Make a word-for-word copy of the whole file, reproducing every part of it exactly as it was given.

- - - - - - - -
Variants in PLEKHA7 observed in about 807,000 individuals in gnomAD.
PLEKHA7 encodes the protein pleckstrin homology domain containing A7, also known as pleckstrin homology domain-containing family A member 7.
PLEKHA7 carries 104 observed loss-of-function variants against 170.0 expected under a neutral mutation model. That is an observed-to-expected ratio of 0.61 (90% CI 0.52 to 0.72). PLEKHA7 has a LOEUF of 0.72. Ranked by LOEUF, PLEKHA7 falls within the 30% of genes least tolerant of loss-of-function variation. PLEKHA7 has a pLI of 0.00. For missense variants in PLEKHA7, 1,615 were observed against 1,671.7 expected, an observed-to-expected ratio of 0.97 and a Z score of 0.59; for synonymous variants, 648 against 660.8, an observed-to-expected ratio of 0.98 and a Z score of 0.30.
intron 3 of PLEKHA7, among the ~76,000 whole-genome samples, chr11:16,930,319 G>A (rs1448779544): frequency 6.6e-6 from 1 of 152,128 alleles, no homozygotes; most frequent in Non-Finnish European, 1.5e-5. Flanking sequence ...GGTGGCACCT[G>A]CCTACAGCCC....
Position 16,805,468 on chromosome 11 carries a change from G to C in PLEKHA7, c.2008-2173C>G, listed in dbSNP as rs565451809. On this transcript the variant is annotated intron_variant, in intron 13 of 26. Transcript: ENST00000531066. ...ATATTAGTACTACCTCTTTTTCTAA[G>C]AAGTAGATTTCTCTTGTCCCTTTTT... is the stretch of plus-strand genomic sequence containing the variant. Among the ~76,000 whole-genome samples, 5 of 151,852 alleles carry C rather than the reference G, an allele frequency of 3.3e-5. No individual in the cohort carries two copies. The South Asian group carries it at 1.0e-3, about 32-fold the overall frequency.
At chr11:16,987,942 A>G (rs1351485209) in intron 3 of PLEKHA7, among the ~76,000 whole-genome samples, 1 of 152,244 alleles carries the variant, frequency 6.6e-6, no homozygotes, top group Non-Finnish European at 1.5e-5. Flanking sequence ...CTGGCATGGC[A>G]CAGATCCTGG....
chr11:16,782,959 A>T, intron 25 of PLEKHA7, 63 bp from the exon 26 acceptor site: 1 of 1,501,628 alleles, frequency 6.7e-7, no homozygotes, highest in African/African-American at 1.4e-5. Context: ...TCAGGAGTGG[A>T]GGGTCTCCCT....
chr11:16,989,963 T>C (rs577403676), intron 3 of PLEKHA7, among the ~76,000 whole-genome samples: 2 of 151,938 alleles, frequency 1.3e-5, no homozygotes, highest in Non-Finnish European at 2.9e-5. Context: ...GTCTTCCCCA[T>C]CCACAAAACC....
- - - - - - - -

Variants in PLEKHA7 observed in about 807,000 individuals in gnomAD.
PLEKHA7 encodes the protein pleckstrin homology domain containing A7, also known as pleckstrin homology domain-containing family A member 7.
PLEKHA7 carries 104 observed loss-of-function variants against 170.0 expected under a neutral mutation model. That is an observed-to-expected ratio of 0.61 (90% CI 0.52 to 0.72). PLEKHA7 has a LOEUF of 0.72. Ranked by LOEUF, PLEKHA7 falls within the 30% of genes least tolerant of loss-of-function variation. PLEKHA7 has a pLI of 0.00. For missense variants in PLEKHA7, 1,615 were observed against 1,671.7 expected, an observed-to-expected ratio of 0.97 and a Z score of 0.59; for synonymous variants, 648 against 660.8, an observed-to-expected ratio of 0.98 and a Z score of 0.30.
intron 3 of PLEKHA7, among the ~76,000 whole-genome samples, chr11:16,930,319 G>A (rs1448779544): frequency 6.6e-6 from 1 of 152,128 alleles, no homozygotes; most frequent in Non-Finnish European, 1.5e-5. Flanking sequence ...GGTGGCACCT[G>A]CCTACAGCCC....
Position 16,805,468 on chromosome 11 carries a change from G to C in PLEKHA7, c.2008-2173C>G, listed in dbSNP as rs565451809. On this transcript the variant is annotated intron_variant, in intron 13 of 26. Transcript: ENST00000531066. ...ATATTAGTACTACCTCTTTTTCTAA[G>C]AAGTAGATTTCTCTTGTCCCTTTTT... is the stretch of plus-strand genomic sequence containing the variant. Among the ~76,000 whole-genome samples, 5 of 151,852 alleles carry C rather than the reference G, an allele frequency of 3.3e-5. No individual in the cohort carries two copies. The South Asian group carries it at 1.0e-3, about 32-fold the overall frequency.
At chr11:16,987,942 A>G (rs1351485209) in intron 3 of PLEKHA7, among the ~76,000 whole-genome samples, 1 of 152,244 alleles carries the variant, frequency 6.6e-6, no homozygotes, top group Non-Finnish European at 1.5e-5. Flanking sequence ...CTGGCATGGC[A>G]CAGATCCTGG....
chr11:16,782,959 A>T, intron 25 of PLEKHA7, 63 bp from the exon 26 acceptor site: 1 of 1,501,628 alleles, frequency 6.7e-7, no homozygotes, highest in African/African-American at 1.4e-5. Context: ...TCAGGAGTGG[A>T]GGGTCTCCCT....
chr11:16,989,963 T>C (rs577403676), intron 3 of PLEKHA7, among the ~76,000 whole-genome samples: 2 of 151,938 alleles, frequency 1.3e-5, no homozygotes, highest in Non-Finnish European at 2.9e-5. Context: ...GTCTTCCCCA[T>C]CCACAAAACC....